At first, it was really difficult getting past the "I should be doing [fill in the genealogy activity]." I have to admit that after about Day 3, I was enjoying my time off although I was having a hard time finding things to do during the hottest part of the day when I don't want to do anything that is going to make me hotter. My son was shocked that I was taking a week off and when I told him the reason he gave me some wise and simple advice: "Mom, treat it [time worked on genealogy] like money. You only have so much of it, so you budget it. Figure out how much time you want to work on genealogy and when you run out, you're done." It was pretty good advice for a 9 year old!

So today is Monday and my week off is over. I've had a chance to prioritize and hopefully I can make it stick. I'm taking my son's advice and am going to budget my time so that I can get chores done around the house, take my kids' to fun activities, and still get stuff done in my beautiful land of genealogy. First thing though is cleaning house. Literally. My house is a mess. I'm also going to have to focus my volunteer efforts on only one thing right now. I have a couple of things going that I will finish up and then I am going to focus on one main project, which is my other blog Southern Tier Cemeteries.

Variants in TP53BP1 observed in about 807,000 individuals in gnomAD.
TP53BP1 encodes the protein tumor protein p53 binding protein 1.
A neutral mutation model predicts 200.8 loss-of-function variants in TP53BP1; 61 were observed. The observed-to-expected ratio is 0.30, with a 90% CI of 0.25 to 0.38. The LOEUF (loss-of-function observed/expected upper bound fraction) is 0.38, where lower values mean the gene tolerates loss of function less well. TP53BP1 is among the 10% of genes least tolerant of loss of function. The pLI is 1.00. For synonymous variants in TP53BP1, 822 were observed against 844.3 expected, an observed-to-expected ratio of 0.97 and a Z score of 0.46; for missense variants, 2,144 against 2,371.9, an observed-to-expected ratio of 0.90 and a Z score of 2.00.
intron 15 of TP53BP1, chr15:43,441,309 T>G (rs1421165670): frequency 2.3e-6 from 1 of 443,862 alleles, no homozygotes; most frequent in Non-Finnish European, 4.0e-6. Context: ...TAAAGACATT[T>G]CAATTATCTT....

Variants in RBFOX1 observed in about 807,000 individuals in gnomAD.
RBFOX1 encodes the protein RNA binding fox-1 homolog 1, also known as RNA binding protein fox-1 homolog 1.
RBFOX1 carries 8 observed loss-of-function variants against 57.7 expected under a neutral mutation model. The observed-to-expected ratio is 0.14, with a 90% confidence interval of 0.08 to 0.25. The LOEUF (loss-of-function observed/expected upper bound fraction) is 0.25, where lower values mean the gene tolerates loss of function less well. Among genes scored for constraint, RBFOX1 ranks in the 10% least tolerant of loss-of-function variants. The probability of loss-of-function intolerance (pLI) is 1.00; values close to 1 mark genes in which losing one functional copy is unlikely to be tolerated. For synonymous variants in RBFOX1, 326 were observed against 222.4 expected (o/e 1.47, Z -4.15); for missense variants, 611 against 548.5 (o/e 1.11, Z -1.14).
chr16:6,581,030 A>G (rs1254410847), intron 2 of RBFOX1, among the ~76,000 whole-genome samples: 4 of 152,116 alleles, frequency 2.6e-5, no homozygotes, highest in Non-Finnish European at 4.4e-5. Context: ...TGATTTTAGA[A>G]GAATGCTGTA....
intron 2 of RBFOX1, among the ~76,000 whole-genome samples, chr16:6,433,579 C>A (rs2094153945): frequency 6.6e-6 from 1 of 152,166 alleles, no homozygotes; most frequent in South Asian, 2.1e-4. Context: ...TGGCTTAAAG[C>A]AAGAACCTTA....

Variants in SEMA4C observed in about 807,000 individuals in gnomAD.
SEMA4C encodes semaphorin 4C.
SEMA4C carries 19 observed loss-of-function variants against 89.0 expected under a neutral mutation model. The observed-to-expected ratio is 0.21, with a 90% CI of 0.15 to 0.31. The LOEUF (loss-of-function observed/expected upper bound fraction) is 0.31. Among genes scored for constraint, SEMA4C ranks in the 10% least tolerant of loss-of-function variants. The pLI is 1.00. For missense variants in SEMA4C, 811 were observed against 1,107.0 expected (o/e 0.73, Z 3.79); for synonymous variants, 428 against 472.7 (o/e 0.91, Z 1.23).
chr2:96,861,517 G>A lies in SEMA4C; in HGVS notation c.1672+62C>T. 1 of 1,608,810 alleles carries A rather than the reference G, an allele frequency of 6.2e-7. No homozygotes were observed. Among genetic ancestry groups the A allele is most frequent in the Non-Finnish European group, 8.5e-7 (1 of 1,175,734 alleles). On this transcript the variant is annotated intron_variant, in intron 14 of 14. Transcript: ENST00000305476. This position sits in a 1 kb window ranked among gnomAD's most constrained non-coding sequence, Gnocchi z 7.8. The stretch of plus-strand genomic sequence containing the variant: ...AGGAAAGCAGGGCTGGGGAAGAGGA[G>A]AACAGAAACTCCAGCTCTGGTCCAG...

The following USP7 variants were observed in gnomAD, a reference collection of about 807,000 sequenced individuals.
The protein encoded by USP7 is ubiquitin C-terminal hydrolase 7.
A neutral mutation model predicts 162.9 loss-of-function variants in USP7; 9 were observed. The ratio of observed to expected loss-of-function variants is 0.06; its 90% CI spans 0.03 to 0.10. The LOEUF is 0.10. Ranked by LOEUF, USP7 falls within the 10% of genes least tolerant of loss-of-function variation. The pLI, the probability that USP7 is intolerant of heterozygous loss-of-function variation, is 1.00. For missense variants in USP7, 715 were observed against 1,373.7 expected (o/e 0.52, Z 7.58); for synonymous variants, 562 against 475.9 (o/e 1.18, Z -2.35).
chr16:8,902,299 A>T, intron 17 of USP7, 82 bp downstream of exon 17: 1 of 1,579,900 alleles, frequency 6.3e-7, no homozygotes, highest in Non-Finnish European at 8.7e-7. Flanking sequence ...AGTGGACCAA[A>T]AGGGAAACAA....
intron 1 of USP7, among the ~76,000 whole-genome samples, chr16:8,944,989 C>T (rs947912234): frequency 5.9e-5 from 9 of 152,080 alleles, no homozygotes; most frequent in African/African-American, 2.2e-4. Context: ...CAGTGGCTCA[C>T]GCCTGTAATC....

To keep it simple, I'm focusing on these projects:
  1. My blogs: This one and Southern Tier Cemeteries.
  2. I'm in the process of revamping my filing system and syncing it with my genealogy software and Ancestry.com trees.
  3. Genealogy classes through NIGS.
Before I can do anything though, I need to get some order in my office. So my efforts this week are going to be focused on the following:
  • Cleaning my office 
  • Going through the paper piles and putting them where they need to go